Top 5 Smart Spending Tips for Students - How to Make Ends Meet in College
Over summer vacation many students work hard at jobs they may or may not like, earning money to help them get through the school year. This is perhaps especially true for college students who, away from home for the first time, are just getting their feet wet with managing their expenses (of which there are many) on a shoe-string budget.
As college students are settling into the fall semester, many are probably realizing how quickly the money they earned over the summer can go. When you’re a full-time student it can be difficult to find ways to earn enough money to cover your expenses during the school year. As a result, it’s vital that college students are smart about how they spend their money and maintain a strict budget.
Having been there, done that and gotten the diploma, here are a few tips I wish I’d known when I first started college. I hope they prove helpful for those of you currently giving it the old college try.
 Carefully budget the money you earn while on breaks - If you don’t have a paying job during the semester, it’s important to determine how to make the money you earn on breaks last. Figure out how much you can afford to spend each week, what you can afford to spend it on and do your best to stick to that.
 Investigate your room and board situation ahead of time - Find out if you can carry unused meal plan money over to the next semester. Also keep in mind that adding money to your meal plan during the semester can be much more expensive than choosing the correct plan at the beginning.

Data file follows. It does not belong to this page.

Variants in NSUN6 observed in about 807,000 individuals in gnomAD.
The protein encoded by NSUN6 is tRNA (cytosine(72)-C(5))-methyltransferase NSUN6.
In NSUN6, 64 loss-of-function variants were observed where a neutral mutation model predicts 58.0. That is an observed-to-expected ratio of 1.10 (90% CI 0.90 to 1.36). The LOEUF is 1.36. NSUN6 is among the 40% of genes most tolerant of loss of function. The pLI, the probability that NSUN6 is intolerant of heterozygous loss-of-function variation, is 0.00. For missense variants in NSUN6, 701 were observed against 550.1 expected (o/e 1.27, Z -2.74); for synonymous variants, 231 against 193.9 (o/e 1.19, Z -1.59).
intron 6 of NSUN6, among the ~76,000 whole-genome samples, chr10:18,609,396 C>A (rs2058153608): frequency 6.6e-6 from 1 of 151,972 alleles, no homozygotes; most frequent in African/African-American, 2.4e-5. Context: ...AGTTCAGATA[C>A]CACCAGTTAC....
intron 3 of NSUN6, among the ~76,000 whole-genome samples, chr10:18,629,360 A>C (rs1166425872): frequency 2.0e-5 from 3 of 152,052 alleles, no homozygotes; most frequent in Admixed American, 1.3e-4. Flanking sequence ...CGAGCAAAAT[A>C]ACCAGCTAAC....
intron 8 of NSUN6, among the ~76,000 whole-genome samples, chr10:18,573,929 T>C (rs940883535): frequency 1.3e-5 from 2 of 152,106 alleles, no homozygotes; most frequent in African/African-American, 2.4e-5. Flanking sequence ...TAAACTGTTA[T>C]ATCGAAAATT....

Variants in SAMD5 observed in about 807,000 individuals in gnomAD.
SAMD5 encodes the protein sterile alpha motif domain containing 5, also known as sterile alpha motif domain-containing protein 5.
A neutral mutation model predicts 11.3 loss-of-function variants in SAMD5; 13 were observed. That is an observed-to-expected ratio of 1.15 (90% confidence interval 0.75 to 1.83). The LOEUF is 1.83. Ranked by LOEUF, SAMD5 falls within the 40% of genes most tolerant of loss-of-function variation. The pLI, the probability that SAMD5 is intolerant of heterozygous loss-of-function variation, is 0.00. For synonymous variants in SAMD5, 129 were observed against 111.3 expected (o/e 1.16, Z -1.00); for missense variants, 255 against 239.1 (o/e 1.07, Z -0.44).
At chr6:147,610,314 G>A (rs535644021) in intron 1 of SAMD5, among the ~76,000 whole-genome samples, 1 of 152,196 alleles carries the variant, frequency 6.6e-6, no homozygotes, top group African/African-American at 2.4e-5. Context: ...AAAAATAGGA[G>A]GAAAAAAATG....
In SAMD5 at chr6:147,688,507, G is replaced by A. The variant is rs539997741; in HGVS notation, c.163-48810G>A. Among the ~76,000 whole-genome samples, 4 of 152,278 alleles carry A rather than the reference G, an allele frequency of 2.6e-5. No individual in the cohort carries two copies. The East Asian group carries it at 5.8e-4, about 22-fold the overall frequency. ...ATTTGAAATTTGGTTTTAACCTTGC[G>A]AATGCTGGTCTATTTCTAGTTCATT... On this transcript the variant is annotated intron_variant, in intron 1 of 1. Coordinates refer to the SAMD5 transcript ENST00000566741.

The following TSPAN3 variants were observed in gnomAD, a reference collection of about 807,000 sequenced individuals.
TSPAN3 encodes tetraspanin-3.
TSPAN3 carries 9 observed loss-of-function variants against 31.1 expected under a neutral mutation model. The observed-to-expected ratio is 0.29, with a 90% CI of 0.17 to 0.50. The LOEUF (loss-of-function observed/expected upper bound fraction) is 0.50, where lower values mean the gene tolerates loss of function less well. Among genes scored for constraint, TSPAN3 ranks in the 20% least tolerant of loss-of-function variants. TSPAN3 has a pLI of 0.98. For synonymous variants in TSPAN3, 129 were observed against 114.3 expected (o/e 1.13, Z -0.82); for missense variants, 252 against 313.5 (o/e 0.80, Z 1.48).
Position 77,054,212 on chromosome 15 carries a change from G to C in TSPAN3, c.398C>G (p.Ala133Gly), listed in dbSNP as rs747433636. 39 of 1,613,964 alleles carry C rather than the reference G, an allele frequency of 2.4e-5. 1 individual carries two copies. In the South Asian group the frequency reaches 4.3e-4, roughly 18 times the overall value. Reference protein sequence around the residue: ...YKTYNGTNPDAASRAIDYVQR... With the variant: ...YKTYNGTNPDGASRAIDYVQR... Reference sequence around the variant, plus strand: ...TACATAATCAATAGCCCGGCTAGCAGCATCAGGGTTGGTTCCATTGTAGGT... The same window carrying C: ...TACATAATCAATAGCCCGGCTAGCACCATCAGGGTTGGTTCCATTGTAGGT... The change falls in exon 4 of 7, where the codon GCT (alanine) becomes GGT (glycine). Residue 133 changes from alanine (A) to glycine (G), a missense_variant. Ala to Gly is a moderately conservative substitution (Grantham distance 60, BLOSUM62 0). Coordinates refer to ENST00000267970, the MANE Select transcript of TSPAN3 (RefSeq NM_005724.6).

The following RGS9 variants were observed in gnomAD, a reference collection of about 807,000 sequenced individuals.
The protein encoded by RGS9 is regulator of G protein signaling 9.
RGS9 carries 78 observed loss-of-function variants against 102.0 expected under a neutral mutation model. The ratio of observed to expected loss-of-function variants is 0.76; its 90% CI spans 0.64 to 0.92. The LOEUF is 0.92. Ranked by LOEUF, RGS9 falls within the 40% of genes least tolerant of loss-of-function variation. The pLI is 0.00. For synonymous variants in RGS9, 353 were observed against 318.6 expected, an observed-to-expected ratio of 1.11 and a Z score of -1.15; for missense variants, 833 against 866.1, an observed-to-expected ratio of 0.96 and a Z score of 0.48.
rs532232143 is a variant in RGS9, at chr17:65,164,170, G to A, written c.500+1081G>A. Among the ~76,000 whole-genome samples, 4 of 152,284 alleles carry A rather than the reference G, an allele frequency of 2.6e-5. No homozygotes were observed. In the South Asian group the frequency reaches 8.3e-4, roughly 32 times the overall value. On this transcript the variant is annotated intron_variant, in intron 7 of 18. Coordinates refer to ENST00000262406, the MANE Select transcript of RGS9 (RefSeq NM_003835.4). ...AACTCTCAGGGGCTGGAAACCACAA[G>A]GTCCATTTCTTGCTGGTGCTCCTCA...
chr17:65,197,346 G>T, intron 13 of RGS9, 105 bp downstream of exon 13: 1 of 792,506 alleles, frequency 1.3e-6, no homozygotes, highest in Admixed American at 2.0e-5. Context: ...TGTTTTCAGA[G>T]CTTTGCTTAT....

Take a vested interest in the loans you agree to - If you don’t carefully investigate the student loans you take out now, you cannot properly prepare yourself to begin repaying them once you graduate.
 Sign up for classes and exams on time - Sometimes there are fees associated with signing up for special classes or entrance/certification exams late. One of the first steps to sticking to your budget is to not spend money unnecessarily. Be proactive and avoid spending money that you don’t have to.
 Try to get a paying job that relates to your major - If you find you need to or have time to work while you’re in college, do your best to get a job that will not only pay you monetarily for your time, but will also give you valuable experience.
Keep in mind that college is a learning experience both inside and outside the classroom. The steps you take during this four-year period will prepare you for a lifetime of smart (career and financial) choices!
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